Last night OS VectorMap® District v1.0 was officially released by Ordnance Survey. I have been involved in the VectorMap project since its conception many years ago and am still heavily involved today. I am very proud of this release and with what my colleagues and I have achieved with the cartography.
The improvement to the product since the alpha release has been very impressive and the new version, the first full release of OS VectorMap District, has been built from the very latest version of Ordnance Survey’s multi-resolution database. The product is available as vector (GML or shapefile) or raster (GeoTIFF). The vector offering is supported by stylesheets in the form of Layer files for esri ArcGIS and styled layer descriptor (SLD) files – coming Monday! – for web mapping and some GIS’. This means that users of any format can view the product in our contextual map styles, developed as part of a common styling project aimed at having cartographic consistency across our vector and raster-from-vector product portfolio.
Why two styles?
For increased consistency across our vector and raster-from-vector product range – which is all generated from the multi-resolution database, we developed a consistent map style to cover the whole scale range of our products. To provide for as many of our customer needs as possible we decided to create two versions. The full colour style is intended to be a complete map that works across all screen types and digital printers to provide context to geographic information. The backdrop style is intended to provide a base map for customers who wish to overlay their own geographic data onto the map. Both styles offer customers map hierarchy without using prime or pure colours, so even the full colour style will facilitate the addition of logos. Additionally the colour palette of the backdrop style offers a better context than practices such as converting raster to greyscale or applying a transparency.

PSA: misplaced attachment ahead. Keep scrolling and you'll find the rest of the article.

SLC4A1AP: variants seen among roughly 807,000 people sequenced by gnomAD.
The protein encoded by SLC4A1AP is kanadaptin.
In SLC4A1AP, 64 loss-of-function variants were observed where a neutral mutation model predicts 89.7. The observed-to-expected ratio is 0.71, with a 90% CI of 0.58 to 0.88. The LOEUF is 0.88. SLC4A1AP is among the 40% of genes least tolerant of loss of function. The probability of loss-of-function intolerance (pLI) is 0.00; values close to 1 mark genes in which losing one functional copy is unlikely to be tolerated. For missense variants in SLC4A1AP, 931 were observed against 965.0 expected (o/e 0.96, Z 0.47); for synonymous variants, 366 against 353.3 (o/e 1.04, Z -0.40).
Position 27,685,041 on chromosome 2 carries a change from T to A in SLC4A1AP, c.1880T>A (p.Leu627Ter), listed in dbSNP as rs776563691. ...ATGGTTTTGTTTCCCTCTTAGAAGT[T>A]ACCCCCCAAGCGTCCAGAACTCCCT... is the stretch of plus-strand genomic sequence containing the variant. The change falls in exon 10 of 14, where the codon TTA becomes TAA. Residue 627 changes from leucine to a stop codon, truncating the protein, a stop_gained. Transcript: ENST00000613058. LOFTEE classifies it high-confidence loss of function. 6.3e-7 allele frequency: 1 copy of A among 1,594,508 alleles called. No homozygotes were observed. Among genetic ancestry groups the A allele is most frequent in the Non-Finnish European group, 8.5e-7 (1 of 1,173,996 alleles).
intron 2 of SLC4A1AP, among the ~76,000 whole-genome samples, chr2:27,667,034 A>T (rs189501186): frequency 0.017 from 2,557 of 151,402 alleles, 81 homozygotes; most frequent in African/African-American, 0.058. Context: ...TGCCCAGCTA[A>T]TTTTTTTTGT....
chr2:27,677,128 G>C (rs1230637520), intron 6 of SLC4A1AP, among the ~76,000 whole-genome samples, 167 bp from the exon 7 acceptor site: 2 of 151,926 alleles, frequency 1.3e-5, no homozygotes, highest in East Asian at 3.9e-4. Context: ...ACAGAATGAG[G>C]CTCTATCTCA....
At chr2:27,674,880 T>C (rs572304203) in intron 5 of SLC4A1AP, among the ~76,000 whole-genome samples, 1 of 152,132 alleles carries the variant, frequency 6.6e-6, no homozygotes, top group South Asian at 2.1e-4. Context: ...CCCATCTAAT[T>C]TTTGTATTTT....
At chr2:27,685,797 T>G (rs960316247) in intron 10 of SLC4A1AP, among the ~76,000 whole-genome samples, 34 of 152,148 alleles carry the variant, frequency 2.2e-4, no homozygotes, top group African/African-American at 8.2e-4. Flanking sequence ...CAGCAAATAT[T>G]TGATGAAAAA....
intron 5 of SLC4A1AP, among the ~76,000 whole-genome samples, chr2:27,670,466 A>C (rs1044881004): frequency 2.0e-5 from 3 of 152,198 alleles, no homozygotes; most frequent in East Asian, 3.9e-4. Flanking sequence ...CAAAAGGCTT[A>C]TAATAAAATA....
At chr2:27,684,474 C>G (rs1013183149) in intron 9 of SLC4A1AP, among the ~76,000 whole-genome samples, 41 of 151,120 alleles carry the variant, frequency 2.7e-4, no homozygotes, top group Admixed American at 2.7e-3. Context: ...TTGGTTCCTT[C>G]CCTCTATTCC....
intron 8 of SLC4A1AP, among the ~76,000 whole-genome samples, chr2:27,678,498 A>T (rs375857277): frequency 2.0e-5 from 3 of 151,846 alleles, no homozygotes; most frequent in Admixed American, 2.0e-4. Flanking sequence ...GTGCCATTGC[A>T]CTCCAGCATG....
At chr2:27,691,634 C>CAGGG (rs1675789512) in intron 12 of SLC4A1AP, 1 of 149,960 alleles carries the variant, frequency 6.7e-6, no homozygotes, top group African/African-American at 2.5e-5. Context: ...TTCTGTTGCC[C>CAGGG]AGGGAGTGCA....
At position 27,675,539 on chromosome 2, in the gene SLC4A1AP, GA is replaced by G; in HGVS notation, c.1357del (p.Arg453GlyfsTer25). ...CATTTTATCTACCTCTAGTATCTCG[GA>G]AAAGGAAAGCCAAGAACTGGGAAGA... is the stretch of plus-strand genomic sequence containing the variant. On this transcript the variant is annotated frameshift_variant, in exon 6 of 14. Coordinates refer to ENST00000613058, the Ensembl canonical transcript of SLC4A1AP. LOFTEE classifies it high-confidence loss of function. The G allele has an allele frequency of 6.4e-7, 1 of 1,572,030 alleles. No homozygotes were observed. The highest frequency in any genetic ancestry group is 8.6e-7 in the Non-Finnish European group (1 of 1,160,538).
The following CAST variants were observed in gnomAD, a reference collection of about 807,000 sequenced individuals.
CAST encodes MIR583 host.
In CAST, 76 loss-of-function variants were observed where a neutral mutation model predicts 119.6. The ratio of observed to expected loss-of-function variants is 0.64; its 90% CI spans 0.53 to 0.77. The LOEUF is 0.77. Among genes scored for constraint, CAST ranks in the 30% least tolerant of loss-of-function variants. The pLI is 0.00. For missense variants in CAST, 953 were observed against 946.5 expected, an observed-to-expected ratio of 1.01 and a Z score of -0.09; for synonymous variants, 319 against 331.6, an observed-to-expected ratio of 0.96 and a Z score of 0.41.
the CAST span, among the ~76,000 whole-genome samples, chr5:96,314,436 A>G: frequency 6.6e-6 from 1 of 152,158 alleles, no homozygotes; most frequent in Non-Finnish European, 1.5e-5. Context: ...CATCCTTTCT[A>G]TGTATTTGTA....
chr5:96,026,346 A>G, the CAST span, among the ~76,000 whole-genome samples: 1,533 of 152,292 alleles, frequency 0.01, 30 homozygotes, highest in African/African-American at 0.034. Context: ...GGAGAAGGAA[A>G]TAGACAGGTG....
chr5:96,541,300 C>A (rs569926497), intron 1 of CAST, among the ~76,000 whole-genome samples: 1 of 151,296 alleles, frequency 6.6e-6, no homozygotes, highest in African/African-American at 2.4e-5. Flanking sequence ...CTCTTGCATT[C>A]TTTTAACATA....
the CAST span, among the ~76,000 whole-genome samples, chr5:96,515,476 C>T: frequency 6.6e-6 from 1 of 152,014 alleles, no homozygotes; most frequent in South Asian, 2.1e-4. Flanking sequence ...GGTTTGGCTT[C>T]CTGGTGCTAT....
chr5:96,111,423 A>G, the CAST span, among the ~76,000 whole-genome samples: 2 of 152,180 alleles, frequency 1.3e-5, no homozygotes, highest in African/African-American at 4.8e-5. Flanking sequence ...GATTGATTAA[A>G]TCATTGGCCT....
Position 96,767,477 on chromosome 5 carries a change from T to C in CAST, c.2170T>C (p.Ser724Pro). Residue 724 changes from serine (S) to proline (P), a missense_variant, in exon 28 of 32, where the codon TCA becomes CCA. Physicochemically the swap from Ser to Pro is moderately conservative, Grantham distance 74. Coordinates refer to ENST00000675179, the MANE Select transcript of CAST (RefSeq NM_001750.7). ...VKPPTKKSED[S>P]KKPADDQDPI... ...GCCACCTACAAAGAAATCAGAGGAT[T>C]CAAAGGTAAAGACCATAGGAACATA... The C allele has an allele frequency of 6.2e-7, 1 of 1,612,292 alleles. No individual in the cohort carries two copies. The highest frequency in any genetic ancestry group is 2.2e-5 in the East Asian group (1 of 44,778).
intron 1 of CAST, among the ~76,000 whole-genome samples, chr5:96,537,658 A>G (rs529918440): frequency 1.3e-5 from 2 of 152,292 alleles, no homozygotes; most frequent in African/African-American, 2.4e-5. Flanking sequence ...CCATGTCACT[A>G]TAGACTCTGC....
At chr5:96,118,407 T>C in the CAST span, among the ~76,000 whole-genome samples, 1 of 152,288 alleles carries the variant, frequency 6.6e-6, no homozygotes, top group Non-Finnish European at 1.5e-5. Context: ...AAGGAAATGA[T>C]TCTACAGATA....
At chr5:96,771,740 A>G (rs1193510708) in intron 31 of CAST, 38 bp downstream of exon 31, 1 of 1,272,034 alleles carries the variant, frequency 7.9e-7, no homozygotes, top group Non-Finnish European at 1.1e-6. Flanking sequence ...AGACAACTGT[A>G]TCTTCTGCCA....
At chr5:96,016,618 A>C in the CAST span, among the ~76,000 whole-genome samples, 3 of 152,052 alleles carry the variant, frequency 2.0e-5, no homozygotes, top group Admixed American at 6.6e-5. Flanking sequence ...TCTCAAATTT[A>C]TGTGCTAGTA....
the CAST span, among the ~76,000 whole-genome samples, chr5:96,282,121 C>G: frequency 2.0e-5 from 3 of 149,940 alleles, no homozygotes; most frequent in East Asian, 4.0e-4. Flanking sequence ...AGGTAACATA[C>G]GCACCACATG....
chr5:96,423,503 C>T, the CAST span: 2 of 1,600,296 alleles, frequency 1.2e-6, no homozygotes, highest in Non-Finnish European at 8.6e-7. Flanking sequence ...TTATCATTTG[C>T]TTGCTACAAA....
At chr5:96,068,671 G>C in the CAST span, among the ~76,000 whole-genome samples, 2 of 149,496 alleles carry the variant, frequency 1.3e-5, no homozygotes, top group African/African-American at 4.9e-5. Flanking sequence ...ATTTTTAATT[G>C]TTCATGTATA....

The two colour palettes have been crafted by assigning colours to each feature, calculating their relative brightness and then repositioning each feature to the desired level within a hierarchy.
My own thoughts…
Yes we still have a few things to improve but something that often gets forgotten is where we have come from.
Although nearly all feedback was positive, some of my favourite feedback from the beta was actually the negative stuff: It’s not as detailed as an OS Explorer Map, where are the contours? The name of a river is badly positioned.
Well in answer to the first two of those, firstly the scale is arguably different to that of an Explorer Map as is the intended use. Secondly contours are available by adding Ordnance Survey’s height products (even in OS OpenData). However the third example comment is the kind of remark that pleases me the most!
The very fact that the odd badly-placed piece of text is the subject of comment tells me that we have done a very good job. OS VectorMap District is being compared in the same regard as any other Ordnance Survey map product that has gone before it. People like the accuracy and the cartography, and the very fact that the odd piece of text here and there is not perfectly cartograhically placed is in my opinion an absolute triumph. You see what people, especially here at OS, forget (or perhaps are not aware of) is that whereas an OS Explorer Map for example has many, many man hours of manual cartographic finishing, OS VectorMap District is almost entirely produced from both automated generalisation algorithms and automated cartography. This includes all of the text placement which is 100% controlled by Maplex. Even an esri sales rep would probably be wary of using such a complex dataset to showcase the ability of Maplex!
When we started this project, most of the data didn’t even exist! Sure we have 1:25 000 and 1:50 000 map products, but they are all raster-based systems. Furthermore, the automated cartography is about a lot more than just text. An mxd file is used to turn data from our database into the raster variant of the product. Beyond the cartographic development of that mxd, there is no cartographer in the actual production process. The raster simply makes itself! Although I should stress that we do have a team of experienced cartographers checking that output and to ensure we maintain cartograhic quality.
More information can be found in papers and posters being presented at the International Cartographic Conference in Dresden in August.
More information about the new release, OS VectorMap District v1.0, can be found here.